P.P.S. This year for Christmas, we got my dad a goat. For the gentleman who has everything.

Fishmael Part II, or How To Choose Fantastic Souvenirs

Shopping in Todos Santos, Baja California Sur, Mexico

The people spoke, so Fishmael will stay for autumn! Bostonians drink water all year, apparently, and “being awesome never goes out of season.”

Clearly, the gurgling cod was a good choice. I hope we’ll use it him during dinner parties for years and years; he’s fun yet fancy; he says glug glug; he will always remind us of the trip we took when I was pregnant with Mary Tobin. All in all, a fantastic souvenir.

I’m not necessarily qualified to give retail advice, except that I love stuff too much so I’ve had to become more selective to combat my hoarder tendencies. Since I was young, when I see a collection, I feel I need every piece. (Ahem, American Girl dolls.) No one could accuse me of being a minimalist.

I’ve gotten better at thinking through what I really need and/or want, and I try to choose carefully, with the goal of only surrounding myself with things I really do like. (Not just things that I got because they happened to be there.)

When it comes to souvenirs, what’s worth buying and why? Here’s the rubric I’ve come up with for choosing a little goody to commemorate your trip to a great place. (Similar but different from my brother’s old dating philosophy: Smart, pretty, sane. Pick two.) For souvenirs, try to find something that’s all three:

  • beautiful
  • useful
  • representative

Beautiful. Ask yourself, would I want this in my house if it wasn’t a souvenir? A gurgling cod? Of course! Timeless. And I love the blue and white pottery from our honeymoon to Mexico. I’d buy it in a store today. Please don’t get something just because you feel like you have to.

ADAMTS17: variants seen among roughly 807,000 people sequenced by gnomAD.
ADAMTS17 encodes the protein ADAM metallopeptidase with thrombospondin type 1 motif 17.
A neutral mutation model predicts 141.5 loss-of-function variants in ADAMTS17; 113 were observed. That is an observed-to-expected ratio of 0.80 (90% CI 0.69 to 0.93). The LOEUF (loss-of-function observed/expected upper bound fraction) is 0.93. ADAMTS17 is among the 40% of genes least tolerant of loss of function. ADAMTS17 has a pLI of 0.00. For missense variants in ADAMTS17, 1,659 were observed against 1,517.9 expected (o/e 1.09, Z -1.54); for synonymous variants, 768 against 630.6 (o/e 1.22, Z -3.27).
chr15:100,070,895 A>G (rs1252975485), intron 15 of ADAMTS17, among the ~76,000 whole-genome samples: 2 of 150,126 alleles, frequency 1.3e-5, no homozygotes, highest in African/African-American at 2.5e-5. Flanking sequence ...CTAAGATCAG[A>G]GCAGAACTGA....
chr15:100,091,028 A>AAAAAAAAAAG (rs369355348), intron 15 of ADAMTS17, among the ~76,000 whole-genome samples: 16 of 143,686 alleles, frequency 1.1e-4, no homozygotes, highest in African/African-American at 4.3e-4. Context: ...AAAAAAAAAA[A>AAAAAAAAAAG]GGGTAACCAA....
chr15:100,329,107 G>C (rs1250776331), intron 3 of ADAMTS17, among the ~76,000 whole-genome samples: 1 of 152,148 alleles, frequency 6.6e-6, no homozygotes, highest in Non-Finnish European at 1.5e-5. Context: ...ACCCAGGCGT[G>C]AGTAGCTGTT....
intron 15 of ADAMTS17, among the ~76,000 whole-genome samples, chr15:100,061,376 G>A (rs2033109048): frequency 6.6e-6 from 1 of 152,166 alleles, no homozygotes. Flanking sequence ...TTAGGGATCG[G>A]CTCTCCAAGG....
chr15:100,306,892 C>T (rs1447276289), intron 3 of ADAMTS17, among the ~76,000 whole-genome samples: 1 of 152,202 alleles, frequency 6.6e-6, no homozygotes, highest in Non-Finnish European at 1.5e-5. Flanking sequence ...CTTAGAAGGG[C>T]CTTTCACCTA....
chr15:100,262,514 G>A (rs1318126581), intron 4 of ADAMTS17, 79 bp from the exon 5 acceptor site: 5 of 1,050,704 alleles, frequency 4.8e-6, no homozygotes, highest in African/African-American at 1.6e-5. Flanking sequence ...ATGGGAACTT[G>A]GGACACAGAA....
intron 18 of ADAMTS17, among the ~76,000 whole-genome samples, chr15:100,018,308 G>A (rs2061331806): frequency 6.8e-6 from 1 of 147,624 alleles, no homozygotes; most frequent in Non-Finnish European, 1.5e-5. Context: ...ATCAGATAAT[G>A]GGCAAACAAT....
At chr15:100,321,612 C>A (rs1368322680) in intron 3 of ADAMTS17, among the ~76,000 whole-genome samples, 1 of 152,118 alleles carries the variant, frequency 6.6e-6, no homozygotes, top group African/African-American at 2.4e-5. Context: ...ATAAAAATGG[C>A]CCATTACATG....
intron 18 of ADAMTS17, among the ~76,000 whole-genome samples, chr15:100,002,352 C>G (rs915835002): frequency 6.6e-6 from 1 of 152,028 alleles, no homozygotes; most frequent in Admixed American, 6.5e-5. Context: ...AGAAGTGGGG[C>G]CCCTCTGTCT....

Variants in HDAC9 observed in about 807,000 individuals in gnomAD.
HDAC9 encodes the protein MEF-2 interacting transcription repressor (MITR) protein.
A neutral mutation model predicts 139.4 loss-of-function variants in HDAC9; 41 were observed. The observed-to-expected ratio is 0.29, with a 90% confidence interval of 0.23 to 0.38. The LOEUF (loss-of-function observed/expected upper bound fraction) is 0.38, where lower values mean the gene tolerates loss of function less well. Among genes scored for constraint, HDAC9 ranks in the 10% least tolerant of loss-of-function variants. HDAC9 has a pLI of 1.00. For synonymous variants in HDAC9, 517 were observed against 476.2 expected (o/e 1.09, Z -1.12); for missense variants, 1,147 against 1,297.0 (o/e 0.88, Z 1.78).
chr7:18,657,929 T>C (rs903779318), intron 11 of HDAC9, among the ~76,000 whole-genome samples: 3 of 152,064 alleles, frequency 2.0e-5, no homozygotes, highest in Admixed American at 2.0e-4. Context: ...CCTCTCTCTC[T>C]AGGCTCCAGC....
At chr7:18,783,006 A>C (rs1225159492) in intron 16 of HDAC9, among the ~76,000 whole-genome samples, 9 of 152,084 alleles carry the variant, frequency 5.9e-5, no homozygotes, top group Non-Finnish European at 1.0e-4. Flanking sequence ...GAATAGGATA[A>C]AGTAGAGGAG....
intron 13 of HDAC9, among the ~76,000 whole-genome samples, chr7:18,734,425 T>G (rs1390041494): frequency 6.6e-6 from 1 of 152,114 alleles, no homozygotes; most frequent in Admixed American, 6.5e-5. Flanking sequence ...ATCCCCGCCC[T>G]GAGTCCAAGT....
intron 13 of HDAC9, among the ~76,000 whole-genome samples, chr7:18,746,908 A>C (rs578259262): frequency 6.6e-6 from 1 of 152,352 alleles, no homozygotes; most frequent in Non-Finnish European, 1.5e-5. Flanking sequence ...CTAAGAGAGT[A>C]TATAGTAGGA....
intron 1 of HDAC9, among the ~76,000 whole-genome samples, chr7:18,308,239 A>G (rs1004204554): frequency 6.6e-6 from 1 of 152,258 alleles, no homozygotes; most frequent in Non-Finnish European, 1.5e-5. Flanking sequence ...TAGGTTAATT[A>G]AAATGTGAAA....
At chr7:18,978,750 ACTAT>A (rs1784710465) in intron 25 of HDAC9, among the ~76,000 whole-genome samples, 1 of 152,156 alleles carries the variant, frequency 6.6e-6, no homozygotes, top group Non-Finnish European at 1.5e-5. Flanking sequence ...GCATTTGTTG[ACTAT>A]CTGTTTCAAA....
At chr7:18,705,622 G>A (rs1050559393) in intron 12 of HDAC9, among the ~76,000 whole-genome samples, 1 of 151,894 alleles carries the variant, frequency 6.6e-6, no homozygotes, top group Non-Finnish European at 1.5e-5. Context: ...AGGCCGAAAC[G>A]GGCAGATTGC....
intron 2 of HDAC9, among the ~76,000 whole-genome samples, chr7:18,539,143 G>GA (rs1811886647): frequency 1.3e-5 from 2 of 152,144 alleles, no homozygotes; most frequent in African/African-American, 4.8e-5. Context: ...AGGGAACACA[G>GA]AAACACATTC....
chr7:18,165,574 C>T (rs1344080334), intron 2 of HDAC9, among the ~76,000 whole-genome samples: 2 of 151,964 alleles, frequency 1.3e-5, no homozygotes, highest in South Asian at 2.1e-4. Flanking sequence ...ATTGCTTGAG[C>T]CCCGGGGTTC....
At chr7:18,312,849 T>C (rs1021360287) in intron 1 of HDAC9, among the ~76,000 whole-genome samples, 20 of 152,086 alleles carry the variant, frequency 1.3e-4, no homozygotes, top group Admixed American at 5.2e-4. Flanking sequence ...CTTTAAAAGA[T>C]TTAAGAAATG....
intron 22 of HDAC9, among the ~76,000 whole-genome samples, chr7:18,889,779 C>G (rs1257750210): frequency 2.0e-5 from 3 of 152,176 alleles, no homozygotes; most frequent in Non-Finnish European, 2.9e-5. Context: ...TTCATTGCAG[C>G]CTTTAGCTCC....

Useful. What’s something you’ll always need and use? Think housewares, clothes, etc.  My best example is our comfy blanket from Paraguay, in classic white. (I admire my own restraint! That’s another tip: don’t get carried away by your exotic locale and buy a multicolor tapestry that’s going to look crazy in your house.) I still wear the earrings I got in Rome and Chile. Be careful about clothes though. My epic fail in this area was the gladiator-style disc belt I bought in Cardiff, Wales. Useful in theory, but fails in the beautiful/representative categories. Ridiculous looking. Forced it. Never wore it.

Representative. Will your souvenir be a good reflection of the place? Are they known for that type of thing? Don’t buy a sweatshirt that says St. Thomas USVI; get a nice big beach towel instead. When I studied abroad one summer in Oxford, my splurge was a nice rugby shirt in the colors of University College where I stayed. Now I love to get cozy in that thing on cool days, and remember the big park behind Univ, eating brie and apples, the school boys walking by in their uniforms, the chapel bells tolling the hour. Had I purchased a bathing suit in Oxford, however, that would not be representative.